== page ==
'Bombs won't save lives' in Syria, opposition leader Corbyn tells May

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The Labour leader also called on Britain to push for an independent United Nations -led investigation to hold those responsible to account, saying: "Rather than further military action, what is urgently needed is a coordinated worldwide drive to achieve a ceasefire and a negotiated settlement under United Nations auspices".

"Cabinet agreed on the need to take action to alleviate humanitarian distress and to deter the further use of chemical weapons by the Assad regime", the Downing Street said in a statement.

"Britain should press for an independent UN-led investigation of last weekend's horrific chemical weapons attack so that those responsible can be held to account".

Speaking at Downing Street on Saturday morning, May said the strikes were "limited and targeted" and created to degrade the Syrian regime's ability to develop and use chemical weapons.

Corbyn also said countries involved should get around a negotiating table to find an end to the civil war by political means.

Britain's opposition Labour Party leader has criticised Prime Minister Theresa May for "waiting for instructions" from President Trump on Syria.

The Chair of Labour's backbench Foreign Affairs Committee said he was in support of the Prime Minister over his party's leader, saying: "It is welcome that the United Kingdom has taken this action and has joined its allies".

"They agreed to keep working closely together on the global response", the statement concluded.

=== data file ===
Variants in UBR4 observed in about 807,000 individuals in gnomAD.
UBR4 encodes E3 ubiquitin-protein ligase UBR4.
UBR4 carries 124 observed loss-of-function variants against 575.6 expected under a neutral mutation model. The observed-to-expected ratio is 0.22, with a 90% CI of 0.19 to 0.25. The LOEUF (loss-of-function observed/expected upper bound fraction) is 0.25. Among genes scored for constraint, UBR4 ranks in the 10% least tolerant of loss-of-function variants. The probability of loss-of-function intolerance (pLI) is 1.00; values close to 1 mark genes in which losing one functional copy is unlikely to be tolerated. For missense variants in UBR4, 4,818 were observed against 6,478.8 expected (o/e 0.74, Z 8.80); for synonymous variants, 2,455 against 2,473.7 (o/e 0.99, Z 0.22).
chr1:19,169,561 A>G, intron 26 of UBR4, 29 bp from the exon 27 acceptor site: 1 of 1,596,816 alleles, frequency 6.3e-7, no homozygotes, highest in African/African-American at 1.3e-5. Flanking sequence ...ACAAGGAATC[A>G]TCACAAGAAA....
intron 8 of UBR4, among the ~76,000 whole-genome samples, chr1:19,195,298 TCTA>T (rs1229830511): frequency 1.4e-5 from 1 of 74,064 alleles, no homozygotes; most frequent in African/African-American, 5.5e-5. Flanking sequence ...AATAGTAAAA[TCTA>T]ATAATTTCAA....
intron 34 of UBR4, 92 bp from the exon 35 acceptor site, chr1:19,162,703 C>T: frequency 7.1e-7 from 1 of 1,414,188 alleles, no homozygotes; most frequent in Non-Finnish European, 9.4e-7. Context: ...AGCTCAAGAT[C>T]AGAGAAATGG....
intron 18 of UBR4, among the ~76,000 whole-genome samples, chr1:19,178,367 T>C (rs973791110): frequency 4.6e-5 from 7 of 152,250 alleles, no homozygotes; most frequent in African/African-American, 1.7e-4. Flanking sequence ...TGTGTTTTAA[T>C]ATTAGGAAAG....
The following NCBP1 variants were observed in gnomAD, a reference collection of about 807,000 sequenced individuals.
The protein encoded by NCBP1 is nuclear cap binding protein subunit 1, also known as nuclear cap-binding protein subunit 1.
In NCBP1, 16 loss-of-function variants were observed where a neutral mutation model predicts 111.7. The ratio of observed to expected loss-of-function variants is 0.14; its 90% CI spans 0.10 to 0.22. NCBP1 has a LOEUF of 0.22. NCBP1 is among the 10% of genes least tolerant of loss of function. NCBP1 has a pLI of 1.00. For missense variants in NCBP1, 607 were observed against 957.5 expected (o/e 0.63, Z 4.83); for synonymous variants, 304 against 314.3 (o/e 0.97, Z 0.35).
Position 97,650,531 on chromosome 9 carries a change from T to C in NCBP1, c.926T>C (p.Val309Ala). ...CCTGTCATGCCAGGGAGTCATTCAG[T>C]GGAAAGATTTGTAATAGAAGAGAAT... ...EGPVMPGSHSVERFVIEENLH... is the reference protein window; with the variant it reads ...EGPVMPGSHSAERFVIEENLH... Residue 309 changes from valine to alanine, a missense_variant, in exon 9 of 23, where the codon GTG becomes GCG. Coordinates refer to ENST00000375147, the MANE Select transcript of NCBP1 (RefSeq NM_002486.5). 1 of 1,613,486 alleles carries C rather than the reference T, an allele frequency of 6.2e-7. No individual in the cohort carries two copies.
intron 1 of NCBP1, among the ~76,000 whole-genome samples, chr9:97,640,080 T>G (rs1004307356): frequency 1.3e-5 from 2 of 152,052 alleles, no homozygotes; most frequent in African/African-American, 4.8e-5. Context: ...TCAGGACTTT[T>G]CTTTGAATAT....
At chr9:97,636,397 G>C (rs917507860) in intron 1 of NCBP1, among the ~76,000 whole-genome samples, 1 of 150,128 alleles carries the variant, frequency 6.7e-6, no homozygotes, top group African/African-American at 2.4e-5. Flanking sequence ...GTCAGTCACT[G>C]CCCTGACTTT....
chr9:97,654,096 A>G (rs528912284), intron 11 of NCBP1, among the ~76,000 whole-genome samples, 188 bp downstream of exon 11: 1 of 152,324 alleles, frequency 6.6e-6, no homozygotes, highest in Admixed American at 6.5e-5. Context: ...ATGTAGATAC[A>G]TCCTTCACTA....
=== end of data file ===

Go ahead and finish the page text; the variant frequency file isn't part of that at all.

"Bombs won't save lives or bring about peace", he said, adding that Britain should be leading the response and "not taking instructions from Washington and putting British military personnel in harm's way".

But rival politicians and some Conservative colleagues have called for a parliamentary vote before any British involvement. French President Emmanuel Macron said Thursday France has "proof" Assad had used chemical weapons and was working closely with the US on a possible response.

Diane Abbott, the shadow home secretary, went further, saying the Labour party believed there was no military answer to the Syrian crisis.

In a subsequent tweet on Thursday, the U.S. president said an attack on Syria "could be very soon or not so soon at all".

May released a statement confirming the strikes, which were carried out at 2am GMT on Saturday, just minutes after US President Donald Trump announced the air raid from the White House.

MPs are due to return to Westminster from the Easter recess on Monday - and a row is continuing between some MPs over whether a vote should take place in Parliament before any action is taken.

But he said it was "intellectually bankrupt" to expect the security services to lay out all the information they have.

He added: 'Theresa May should have sought parliamentary approval, not trailed after Donald Trump.

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